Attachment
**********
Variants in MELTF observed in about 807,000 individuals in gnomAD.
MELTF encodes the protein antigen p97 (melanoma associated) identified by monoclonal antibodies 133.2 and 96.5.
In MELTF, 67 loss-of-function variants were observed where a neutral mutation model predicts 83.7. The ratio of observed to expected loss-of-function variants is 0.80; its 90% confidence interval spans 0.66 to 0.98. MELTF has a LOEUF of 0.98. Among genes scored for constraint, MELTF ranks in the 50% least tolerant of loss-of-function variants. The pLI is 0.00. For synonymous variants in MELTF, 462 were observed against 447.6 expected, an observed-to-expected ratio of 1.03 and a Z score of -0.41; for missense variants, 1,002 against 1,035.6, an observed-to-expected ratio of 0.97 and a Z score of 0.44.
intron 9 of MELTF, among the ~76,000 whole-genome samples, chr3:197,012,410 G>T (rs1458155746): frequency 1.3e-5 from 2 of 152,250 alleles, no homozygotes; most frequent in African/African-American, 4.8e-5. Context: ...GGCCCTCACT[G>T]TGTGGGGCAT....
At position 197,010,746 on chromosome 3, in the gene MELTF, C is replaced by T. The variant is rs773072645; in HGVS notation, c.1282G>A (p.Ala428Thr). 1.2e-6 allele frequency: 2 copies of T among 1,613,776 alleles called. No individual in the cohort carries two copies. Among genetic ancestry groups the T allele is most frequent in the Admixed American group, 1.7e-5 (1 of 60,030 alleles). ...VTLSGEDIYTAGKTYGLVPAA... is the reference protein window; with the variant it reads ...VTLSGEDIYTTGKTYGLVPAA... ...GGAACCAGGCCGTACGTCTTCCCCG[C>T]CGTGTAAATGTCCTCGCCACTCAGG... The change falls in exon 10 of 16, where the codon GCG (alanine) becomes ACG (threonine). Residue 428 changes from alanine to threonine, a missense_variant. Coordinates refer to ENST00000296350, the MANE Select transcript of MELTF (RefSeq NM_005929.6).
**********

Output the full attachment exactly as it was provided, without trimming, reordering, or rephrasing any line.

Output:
Variants in MELTF observed in about 807,000 individuals in gnomAD.
MELTF encodes the protein antigen p97 (melanoma associated) identified by monoclonal antibodies 133.2 and 96.5.
In MELTF, 67 loss-of-function variants were observed where a neutral mutation model predicts 83.7. The ratio of observed to expected loss-of-function variants is 0.80; its 90% confidence interval spans 0.66 to 0.98. MELTF has a LOEUF of 0.98. Among genes scored for constraint, MELTF ranks in the 50% least tolerant of loss-of-function variants. The pLI is 0.00. For synonymous variants in MELTF, 462 were observed against 447.6 expected, an observed-to-expected ratio of 1.03 and a Z score of -0.41; for missense variants, 1,002 against 1,035.6, an observed-to-expected ratio of 0.97 and a Z score of 0.44.
intron 9 of MELTF, among the ~76,000 whole-genome samples, chr3:197,012,410 G>T (rs1458155746): frequency 1.3e-5 from 2 of 152,250 alleles, no homozygotes; most frequent in African/African-American, 4.8e-5. Context: ...GGCCCTCACT[G>T]TGTGGGGCAT....
At position 197,010,746 on chromosome 3, in the gene MELTF, C is replaced by T. The variant is rs773072645; in HGVS notation, c.1282G>A (p.Ala428Thr). 1.2e-6 allele frequency: 2 copies of T among 1,613,776 alleles called. No individual in the cohort carries two copies. Among genetic ancestry groups the T allele is most frequent in the Admixed American group, 1.7e-5 (1 of 60,030 alleles). ...VTLSGEDIYTAGKTYGLVPAA... is the reference protein window; with the variant it reads ...VTLSGEDIYTTGKTYGLVPAA... ...GGAACCAGGCCGTACGTCTTCCCCG[C>T]CGTGTAAATGTCCTCGCCACTCAGG... The change falls in exon 10 of 16, where the codon GCG (alanine) becomes ACG (threonine). Residue 428 changes from alanine to threonine, a missense_variant. Coordinates refer to ENST00000296350, the MANE Select transcript of MELTF (RefSeq NM_005929.6).